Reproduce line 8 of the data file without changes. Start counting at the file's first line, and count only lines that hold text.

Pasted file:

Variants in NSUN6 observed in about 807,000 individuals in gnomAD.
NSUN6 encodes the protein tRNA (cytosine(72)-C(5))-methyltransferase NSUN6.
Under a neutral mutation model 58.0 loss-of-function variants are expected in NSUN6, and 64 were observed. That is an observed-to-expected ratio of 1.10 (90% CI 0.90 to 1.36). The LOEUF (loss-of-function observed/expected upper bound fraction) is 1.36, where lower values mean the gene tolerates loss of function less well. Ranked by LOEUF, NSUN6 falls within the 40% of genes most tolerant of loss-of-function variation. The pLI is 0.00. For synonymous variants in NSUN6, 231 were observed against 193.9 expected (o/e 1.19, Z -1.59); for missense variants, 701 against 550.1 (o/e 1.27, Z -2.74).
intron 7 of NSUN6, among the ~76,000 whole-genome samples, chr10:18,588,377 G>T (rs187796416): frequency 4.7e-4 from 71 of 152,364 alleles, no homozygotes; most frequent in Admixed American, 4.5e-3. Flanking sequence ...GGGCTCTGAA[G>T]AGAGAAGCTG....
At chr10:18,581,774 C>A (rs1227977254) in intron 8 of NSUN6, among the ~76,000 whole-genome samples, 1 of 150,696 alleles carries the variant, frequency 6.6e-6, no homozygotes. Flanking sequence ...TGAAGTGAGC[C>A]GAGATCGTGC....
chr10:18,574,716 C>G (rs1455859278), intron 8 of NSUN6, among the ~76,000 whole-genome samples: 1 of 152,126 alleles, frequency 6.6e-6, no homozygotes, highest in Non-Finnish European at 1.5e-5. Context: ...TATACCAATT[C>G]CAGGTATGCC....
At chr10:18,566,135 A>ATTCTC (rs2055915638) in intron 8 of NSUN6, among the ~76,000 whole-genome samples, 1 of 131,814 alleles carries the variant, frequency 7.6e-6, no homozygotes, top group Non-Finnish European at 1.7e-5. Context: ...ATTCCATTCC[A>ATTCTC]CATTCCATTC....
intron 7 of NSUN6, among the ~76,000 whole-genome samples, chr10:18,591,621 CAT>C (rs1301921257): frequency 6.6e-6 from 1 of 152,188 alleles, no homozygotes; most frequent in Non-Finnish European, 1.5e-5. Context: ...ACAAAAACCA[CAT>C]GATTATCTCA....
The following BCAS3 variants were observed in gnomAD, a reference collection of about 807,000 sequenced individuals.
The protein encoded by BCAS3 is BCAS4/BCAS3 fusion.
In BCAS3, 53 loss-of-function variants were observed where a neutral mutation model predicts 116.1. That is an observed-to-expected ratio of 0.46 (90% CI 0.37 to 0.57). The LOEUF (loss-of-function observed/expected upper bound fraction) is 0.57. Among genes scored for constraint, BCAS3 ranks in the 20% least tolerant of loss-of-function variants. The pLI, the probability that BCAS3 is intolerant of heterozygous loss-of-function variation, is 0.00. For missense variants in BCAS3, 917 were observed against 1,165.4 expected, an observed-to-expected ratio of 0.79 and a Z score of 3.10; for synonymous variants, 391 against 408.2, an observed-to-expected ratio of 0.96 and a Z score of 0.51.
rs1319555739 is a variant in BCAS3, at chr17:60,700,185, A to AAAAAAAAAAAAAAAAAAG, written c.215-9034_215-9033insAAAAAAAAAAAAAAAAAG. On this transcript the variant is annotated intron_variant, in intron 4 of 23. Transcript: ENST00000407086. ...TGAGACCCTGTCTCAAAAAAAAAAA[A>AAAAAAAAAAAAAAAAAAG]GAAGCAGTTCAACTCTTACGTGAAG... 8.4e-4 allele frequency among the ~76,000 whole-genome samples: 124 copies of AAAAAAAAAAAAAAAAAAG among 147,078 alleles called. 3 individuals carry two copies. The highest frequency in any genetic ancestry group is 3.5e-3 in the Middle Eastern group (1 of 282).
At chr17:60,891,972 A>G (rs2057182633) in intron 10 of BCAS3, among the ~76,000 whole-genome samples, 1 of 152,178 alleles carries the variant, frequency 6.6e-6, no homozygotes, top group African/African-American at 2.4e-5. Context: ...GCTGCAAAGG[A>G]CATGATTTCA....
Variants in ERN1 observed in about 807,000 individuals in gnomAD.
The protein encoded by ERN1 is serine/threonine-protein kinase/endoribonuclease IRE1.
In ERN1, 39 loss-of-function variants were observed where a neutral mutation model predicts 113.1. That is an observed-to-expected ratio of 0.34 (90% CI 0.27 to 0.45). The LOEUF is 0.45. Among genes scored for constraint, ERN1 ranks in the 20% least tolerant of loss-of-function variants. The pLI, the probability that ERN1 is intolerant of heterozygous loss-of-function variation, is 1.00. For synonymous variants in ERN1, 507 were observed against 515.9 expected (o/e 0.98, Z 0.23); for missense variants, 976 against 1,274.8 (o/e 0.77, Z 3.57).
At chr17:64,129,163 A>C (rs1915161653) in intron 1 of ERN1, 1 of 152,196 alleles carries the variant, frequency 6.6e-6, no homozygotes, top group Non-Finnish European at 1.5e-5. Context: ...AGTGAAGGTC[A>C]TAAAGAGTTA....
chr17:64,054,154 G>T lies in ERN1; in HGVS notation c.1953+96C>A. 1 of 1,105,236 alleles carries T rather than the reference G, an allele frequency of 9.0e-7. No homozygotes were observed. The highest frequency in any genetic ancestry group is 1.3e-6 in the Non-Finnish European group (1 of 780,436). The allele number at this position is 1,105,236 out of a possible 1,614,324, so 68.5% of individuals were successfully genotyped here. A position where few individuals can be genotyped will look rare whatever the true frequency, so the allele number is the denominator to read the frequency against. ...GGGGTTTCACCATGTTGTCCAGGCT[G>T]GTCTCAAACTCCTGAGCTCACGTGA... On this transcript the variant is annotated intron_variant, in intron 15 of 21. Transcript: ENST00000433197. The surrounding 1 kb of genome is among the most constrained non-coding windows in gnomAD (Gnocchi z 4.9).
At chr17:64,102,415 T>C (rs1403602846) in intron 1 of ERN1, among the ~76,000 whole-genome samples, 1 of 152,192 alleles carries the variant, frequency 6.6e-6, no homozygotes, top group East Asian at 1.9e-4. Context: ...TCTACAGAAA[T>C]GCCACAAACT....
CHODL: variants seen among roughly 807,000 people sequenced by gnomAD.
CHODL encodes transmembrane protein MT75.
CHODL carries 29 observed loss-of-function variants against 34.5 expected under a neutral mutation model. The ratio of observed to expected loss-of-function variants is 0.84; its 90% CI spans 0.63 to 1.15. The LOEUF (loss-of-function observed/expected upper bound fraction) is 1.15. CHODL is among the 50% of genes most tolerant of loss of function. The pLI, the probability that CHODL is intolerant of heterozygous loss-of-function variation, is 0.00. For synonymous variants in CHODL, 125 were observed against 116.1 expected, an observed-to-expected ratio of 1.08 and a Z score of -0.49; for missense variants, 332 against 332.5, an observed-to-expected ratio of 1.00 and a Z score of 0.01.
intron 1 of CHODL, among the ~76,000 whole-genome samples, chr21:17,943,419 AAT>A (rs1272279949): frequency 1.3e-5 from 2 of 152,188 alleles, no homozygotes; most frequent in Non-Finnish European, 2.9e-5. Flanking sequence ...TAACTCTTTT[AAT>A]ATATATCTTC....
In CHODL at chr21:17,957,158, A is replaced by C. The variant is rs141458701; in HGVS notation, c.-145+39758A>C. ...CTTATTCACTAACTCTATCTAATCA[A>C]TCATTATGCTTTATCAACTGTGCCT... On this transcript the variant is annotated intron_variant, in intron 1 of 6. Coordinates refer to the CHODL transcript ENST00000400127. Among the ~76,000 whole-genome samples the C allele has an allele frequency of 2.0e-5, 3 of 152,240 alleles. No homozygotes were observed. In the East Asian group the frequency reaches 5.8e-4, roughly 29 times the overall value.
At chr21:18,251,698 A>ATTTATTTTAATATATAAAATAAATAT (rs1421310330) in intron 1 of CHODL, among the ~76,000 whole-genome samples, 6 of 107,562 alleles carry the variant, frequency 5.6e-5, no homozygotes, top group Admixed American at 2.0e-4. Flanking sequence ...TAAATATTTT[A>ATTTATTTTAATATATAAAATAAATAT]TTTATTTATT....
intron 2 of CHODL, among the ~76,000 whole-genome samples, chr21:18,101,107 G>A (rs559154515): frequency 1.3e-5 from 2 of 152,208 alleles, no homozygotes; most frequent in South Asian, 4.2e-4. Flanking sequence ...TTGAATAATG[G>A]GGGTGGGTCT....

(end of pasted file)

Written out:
intron 7 of NSUN6, among the ~76,000 whole-genome samples, chr10:18,591,621 CAT>C (rs1301921257): frequency 6.6e-6 from 1 of 152,188 alleles, no homozygotes; most frequent in Non-Finnish European, 1.5e-5. Context: ...ACAAAAACCA[CAT>C]GATTATCTCA....